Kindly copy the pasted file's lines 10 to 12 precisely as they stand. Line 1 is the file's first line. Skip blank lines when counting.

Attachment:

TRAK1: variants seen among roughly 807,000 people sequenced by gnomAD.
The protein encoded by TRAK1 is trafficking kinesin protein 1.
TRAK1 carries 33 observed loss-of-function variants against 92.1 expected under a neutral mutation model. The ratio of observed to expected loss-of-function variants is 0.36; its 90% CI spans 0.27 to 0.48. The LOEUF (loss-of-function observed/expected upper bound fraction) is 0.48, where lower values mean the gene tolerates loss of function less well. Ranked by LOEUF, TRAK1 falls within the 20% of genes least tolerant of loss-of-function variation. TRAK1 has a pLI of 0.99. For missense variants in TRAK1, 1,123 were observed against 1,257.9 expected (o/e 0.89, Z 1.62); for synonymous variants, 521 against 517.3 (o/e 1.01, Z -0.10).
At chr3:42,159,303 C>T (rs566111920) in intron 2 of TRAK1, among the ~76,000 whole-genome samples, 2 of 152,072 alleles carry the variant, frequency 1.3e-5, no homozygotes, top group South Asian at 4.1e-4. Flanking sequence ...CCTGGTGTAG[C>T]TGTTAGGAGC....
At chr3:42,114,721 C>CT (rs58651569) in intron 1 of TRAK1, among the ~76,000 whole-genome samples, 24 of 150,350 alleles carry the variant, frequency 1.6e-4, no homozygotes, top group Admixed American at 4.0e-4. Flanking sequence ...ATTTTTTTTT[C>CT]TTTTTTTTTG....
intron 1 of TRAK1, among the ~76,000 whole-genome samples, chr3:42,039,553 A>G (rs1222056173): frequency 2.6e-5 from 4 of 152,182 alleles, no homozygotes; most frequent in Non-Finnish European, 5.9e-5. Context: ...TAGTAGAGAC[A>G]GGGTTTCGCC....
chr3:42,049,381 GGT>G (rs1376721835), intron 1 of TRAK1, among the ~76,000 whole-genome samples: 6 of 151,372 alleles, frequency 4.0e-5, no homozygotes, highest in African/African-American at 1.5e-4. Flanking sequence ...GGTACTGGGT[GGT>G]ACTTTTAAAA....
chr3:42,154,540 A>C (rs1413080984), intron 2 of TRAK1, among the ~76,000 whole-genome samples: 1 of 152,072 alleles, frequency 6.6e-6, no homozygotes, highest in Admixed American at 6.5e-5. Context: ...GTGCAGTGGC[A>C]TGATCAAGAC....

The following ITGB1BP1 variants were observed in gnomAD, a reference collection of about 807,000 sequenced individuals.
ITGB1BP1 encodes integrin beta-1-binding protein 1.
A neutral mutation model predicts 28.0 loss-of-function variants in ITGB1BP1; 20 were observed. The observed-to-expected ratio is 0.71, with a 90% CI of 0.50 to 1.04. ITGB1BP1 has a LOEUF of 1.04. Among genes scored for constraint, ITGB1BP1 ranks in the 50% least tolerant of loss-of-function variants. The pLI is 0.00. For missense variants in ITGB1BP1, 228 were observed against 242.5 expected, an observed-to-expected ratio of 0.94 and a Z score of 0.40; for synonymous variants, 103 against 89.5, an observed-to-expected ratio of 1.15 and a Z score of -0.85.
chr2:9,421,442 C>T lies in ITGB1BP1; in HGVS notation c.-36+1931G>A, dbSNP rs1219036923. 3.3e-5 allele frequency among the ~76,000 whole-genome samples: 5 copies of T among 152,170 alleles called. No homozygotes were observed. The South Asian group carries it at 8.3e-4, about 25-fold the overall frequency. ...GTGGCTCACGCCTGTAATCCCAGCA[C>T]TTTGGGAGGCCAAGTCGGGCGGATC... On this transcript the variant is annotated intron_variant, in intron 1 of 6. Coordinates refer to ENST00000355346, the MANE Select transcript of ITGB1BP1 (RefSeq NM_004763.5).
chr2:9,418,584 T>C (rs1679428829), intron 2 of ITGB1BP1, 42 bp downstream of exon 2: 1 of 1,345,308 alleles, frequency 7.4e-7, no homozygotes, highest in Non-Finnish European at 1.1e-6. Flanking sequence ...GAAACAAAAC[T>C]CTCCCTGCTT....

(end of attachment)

ITGB1BP1 encodes integrin beta-1-binding protein 1.
A neutral mutation model predicts 28.0 loss-of-function variants in ITGB1BP1; 20 were observed. The observed-to-expected ratio is 0.71, with a 90% CI of 0.50 to 1.04. ITGB1BP1 has a LOEUF of 1.04. Among genes scored for constraint, ITGB1BP1 ranks in the 50% least tolerant of loss-of-function variants. The pLI is 0.00. For missense variants in ITGB1BP1, 228 were observed against 242.5 expected, an observed-to-expected ratio of 0.94 and a Z score of 0.40; for synonymous variants, 103 against 89.5, an observed-to-expected ratio of 1.15 and a Z score of -0.85.
chr2:9,421,442 C>T lies in ITGB1BP1; in HGVS notation c.-36+1931G>A, dbSNP rs1219036923. 3.3e-5 allele frequency among the ~76,000 whole-genome samples: 5 copies of T among 152,170 alleles called. No homozygotes were observed. The South Asian group carries it at 8.3e-4, about 25-fold the overall frequency. ...GTGGCTCACGCCTGTAATCCCAGCA[C>T]TTTGGGAGGCCAAGTCGGGCGGATC... On this transcript the variant is annotated intron_variant, in intron 1 of 6. Coordinates refer to ENST00000355346, the MANE Select transcript of ITGB1BP1 (RefSeq NM_004763.5).